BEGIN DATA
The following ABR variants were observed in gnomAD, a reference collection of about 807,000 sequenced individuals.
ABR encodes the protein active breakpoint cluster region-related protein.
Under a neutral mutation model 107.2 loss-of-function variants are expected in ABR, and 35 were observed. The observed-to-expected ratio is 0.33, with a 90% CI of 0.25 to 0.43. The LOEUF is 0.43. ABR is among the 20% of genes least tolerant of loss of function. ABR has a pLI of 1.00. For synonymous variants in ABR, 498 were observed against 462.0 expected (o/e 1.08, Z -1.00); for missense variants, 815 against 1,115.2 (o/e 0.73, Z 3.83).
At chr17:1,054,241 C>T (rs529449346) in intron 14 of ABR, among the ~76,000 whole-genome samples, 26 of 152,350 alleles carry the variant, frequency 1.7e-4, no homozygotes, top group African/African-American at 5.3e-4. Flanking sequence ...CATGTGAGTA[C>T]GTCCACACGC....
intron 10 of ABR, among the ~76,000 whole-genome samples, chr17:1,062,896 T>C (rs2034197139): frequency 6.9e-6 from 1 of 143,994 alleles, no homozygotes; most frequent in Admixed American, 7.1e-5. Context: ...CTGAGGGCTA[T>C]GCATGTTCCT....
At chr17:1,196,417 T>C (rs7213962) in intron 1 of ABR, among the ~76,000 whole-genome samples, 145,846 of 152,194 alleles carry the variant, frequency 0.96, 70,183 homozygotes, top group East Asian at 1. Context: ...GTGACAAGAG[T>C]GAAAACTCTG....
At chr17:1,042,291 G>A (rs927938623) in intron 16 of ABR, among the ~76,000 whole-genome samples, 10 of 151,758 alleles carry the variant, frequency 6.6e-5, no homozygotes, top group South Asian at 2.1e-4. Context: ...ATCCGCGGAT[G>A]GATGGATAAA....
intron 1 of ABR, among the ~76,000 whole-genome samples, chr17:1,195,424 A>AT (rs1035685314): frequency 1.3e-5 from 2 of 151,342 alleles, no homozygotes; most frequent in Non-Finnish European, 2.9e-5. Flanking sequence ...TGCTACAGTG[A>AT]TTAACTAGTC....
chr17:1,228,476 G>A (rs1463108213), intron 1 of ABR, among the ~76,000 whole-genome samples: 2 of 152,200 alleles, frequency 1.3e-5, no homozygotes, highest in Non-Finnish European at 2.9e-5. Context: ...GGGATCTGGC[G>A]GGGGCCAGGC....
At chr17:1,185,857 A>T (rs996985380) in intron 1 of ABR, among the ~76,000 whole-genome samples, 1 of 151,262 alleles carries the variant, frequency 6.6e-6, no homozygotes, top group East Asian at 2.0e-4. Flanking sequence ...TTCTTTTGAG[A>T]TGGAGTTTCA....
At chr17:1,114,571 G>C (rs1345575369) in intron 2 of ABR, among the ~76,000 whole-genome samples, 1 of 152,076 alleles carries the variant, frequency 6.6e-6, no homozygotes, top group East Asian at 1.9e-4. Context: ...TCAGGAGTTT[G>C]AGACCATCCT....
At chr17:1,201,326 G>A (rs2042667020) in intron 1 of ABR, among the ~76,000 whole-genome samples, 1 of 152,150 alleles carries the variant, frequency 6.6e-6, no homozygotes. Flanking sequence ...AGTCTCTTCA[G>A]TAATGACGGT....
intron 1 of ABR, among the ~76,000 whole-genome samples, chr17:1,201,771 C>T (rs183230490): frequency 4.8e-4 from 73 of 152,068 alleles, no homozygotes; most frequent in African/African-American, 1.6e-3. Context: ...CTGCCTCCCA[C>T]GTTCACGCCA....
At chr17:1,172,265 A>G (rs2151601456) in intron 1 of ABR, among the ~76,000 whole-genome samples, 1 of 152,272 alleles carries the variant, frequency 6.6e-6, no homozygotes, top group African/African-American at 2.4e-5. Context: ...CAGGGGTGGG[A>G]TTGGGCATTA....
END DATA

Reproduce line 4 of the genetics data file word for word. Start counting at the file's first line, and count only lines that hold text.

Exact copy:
At chr17:1,054,241 C>T (rs529449346) in intron 14 of ABR, among the ~76,000 whole-genome samples, 26 of 152,350 alleles carry the variant, frequency 1.7e-4, no homozygotes, top group African/African-American at 5.3e-4. Flanking sequence ...CATGTGAGTA[C>T]GTCCACACGC....